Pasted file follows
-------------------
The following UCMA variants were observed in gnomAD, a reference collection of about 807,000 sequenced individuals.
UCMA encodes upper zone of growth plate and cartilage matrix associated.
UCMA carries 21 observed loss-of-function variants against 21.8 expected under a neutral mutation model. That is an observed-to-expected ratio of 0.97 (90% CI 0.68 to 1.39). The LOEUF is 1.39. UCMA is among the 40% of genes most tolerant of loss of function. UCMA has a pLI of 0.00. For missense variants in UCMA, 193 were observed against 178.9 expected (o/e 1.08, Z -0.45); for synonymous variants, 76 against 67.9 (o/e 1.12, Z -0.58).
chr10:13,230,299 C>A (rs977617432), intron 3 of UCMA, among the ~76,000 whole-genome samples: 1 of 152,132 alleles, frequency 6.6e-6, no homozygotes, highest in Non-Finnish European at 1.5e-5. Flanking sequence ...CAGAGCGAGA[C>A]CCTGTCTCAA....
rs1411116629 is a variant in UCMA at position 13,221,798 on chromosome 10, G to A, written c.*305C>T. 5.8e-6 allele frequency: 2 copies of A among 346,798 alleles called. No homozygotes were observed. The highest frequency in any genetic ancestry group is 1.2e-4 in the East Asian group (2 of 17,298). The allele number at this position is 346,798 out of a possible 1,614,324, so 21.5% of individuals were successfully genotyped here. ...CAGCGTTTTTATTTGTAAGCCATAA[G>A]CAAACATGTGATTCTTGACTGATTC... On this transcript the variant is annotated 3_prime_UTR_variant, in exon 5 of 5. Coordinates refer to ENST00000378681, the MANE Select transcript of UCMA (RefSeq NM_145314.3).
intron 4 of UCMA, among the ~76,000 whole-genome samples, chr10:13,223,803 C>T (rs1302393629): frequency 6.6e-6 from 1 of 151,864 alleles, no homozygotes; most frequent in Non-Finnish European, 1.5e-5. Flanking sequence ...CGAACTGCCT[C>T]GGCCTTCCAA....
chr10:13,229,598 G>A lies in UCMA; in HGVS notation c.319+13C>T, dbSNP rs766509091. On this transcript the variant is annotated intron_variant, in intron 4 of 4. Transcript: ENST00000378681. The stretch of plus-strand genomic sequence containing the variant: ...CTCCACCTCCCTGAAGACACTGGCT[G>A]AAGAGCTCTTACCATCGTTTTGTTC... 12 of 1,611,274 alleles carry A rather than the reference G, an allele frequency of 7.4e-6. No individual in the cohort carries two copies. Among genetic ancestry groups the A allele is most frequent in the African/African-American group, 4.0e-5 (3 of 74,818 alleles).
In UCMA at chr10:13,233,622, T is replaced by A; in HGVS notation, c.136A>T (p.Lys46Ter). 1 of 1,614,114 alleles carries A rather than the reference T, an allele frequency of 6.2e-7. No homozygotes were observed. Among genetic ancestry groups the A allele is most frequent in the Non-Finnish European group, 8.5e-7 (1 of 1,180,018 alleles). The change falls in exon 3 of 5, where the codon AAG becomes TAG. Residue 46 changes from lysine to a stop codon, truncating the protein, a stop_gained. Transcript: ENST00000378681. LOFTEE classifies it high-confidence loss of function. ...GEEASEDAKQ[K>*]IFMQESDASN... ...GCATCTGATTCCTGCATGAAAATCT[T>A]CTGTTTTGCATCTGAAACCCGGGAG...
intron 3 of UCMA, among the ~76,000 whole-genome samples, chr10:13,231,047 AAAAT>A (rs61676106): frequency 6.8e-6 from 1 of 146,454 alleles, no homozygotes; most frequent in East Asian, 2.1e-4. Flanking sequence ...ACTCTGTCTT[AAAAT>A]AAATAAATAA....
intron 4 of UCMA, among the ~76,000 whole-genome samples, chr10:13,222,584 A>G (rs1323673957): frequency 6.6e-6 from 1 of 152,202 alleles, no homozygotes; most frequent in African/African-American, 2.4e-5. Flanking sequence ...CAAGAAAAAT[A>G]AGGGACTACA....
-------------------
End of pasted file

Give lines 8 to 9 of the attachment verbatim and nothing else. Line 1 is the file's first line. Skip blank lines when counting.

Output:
In UCMA at chr10:13,233,622, T is replaced by A; in HGVS notation, c.136A>T (p.Lys46Ter). 1 of 1,614,114 alleles carries A rather than the reference T, an allele frequency of 6.2e-7. No homozygotes were observed. Among genetic ancestry groups the A allele is most frequent in the Non-Finnish European group, 8.5e-7 (1 of 1,180,018 alleles). The change falls in exon 3 of 5, where the codon AAG becomes TAG. Residue 46 changes from lysine to a stop codon, truncating the protein, a stop_gained. Transcript: ENST00000378681. LOFTEE classifies it high-confidence loss of function. ...GEEASEDAKQ[K>*]IFMQESDASN... ...GCATCTGATTCCTGCATGAAAATCT[T>A]CTGTTTTGCATCTGAAACCCGGGAG...
intron 3 of UCMA, among the ~76,000 whole-genome samples, chr10:13,231,047 AAAAT>A (rs61676106): frequency 6.8e-6 from 1 of 146,454 alleles, no homozygotes; most frequent in East Asian, 2.1e-4. Flanking sequence ...ACTCTGTCTT[AAAAT>A]AAATAAATAA....